Having never been anywhere near Mexico, I don't know the exact dynamics, but I've read that you can't move between many of the border crossings without passing through a Mexican interior checkpoint, where it's illegal to travel without a temporary import permit for your vehicle. It's also illegal to leave Mexico with a temporary import permit, and they can't be surrendered at the border either, but at special offices that aren't near all crossings. It's a bureaucratic mess.
It's over a year late, but now that this thread has been bumped, I'd like to address a few of these points.
* It is not actually illegal to leave Mexico with a valid Mexican temporary vehicle importation. You are free to cross the border (both external and internal) multiple times during the validity period. What actually causes trouble is not to cancel the importation in Mexico before it expires. If you fail to do this, the assumption is that you have sold the car illegally in Mexico and it then becomes liable for confiscation as contraband (and you presumably also become liable to fines) the next time you enter Mexico with it and attempt to clear customs with it.
* To the best of my knowledge, we (the members of AARoads that have travelled in Mexico by private passenger car and have experience with the temporary vehicle importation process) have not actually confirmed that it is impossible to travel parallel to the land border for its entire length without being stopped and turned back at an internal frontier checkpoint. We only suspect that this is the case, based on known locations of such checkpoints. Unless you make a special project of mapping checkpoints along the entire border, you have to guess at the location of places where temporary vehicle importation permits can be cancelled, and the guesses you make must be conservative unless you are willing to risk sixty miles or even more of out-of-the-way travel looking for a place to cancel a permit before you return to the US for good.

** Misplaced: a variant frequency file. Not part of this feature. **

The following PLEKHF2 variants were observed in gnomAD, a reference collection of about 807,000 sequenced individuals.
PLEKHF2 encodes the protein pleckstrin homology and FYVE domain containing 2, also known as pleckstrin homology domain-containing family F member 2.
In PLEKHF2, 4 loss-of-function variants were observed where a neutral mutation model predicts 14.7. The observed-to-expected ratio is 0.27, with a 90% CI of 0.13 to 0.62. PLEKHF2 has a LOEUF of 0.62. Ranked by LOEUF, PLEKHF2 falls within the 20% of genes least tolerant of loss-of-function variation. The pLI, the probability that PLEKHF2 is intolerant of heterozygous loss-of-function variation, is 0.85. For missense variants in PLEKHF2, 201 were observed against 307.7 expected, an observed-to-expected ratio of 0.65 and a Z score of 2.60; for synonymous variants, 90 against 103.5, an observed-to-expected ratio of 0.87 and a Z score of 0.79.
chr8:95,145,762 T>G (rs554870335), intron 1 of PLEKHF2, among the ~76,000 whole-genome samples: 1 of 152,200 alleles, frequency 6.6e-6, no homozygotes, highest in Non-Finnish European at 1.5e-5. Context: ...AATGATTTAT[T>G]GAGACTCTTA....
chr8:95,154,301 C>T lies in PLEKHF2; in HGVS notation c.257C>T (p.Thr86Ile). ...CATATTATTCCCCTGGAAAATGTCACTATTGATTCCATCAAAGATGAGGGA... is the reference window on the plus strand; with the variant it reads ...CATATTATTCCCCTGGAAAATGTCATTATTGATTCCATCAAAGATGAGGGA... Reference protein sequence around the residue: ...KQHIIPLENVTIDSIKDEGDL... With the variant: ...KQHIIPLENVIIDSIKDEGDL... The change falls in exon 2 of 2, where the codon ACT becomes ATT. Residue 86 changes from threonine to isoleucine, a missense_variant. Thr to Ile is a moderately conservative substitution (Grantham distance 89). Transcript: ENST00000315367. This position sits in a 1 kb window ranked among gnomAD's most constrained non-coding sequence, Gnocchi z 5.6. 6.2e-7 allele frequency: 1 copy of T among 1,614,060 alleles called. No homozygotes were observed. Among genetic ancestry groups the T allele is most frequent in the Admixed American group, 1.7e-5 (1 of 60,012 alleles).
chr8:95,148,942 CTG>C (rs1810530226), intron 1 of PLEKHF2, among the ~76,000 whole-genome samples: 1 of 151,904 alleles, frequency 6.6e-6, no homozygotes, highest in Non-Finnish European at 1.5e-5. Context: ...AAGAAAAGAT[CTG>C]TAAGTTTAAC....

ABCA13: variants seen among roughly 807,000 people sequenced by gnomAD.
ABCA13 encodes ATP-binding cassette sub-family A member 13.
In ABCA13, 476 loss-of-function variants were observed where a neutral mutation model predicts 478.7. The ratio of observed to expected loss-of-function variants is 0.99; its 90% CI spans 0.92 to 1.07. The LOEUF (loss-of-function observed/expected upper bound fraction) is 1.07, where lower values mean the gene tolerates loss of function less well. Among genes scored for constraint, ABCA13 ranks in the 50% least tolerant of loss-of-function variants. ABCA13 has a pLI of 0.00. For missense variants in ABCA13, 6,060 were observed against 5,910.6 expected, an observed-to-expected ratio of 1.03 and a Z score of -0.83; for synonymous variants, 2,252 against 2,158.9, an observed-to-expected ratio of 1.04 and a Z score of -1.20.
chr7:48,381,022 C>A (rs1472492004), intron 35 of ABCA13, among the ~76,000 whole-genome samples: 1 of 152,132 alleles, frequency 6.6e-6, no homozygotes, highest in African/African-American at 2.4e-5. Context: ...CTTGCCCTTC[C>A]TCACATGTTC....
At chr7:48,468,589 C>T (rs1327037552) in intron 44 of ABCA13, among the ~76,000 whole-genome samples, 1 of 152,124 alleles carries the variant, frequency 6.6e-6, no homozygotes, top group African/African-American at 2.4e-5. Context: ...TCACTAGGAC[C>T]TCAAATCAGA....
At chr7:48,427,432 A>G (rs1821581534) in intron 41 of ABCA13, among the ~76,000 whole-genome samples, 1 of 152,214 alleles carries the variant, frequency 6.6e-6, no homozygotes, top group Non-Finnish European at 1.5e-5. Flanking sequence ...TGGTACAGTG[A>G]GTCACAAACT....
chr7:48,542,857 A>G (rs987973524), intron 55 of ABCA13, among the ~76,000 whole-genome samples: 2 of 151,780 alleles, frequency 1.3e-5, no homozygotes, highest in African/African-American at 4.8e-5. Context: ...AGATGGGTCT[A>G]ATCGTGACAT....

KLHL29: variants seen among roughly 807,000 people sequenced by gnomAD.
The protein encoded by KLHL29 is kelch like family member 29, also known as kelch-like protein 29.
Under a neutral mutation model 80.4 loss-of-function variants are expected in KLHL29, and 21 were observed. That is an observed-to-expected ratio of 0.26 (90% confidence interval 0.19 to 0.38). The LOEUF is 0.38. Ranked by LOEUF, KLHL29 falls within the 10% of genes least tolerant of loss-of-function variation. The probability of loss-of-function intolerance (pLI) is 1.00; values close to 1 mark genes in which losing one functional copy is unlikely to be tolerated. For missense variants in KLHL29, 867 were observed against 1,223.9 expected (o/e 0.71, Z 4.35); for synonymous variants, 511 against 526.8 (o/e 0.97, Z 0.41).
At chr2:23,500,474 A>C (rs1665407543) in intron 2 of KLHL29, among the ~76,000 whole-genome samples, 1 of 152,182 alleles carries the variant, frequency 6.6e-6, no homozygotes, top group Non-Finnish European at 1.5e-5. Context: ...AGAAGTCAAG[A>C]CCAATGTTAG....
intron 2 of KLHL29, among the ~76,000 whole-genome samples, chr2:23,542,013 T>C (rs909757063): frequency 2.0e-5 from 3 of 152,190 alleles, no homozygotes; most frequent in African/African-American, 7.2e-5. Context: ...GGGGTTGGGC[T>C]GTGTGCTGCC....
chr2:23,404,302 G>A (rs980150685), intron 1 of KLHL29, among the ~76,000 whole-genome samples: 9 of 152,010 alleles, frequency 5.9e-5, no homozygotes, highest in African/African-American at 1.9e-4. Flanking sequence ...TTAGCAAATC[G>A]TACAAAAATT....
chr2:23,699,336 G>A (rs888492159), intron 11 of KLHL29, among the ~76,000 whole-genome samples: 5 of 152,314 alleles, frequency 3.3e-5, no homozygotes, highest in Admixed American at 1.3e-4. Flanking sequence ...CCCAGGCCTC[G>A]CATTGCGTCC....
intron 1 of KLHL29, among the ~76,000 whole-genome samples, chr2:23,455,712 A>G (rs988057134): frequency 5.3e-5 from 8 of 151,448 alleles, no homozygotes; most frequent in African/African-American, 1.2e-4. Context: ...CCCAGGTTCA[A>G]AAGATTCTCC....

* Permits can be issued and returned at any frontier checkpoint facility that has a Banjercito module. (Banjercito--an acronym for Banco de Ejercito = "Army Bank"--is the designated agent for the financial component of temporary vehicle importation.) Sometimes this is right at the border (as at Ojinaga), and sometimes this is at the km 30 internal frontier checkpoint (as at Nogales and Juárez). Guidebooks (e.g. the AAA Mexico TourBook) state vaguely that "some major" crossings have Banjercito modules right at the border; they never state the precise locations of Banjercito modules in the vicinity of any crossing. It has been my impression in general that Banjercito modules are fairly footloose, since they tend to be housed in prefab buildings (Portakabins and the like) rather than being integrated into the permanent checkpoint structures. What all this means is that you can't count on redundancy in Banjercito module provision in the vicinity of any border crossing. Therefore, if you intend to return to the US permanently and choose to pass a km 30 module without stopping, you are gambling that there will be a module right at the border that you can use. I rolled the dice this way in the Juárez vicinity when I was returning from my first Mexico trip in 2002, and came up snake eyes--I wanted to return my permit at Santa Teresa but found no module there and had to backtrack to the Juárez km 30 checkpoint.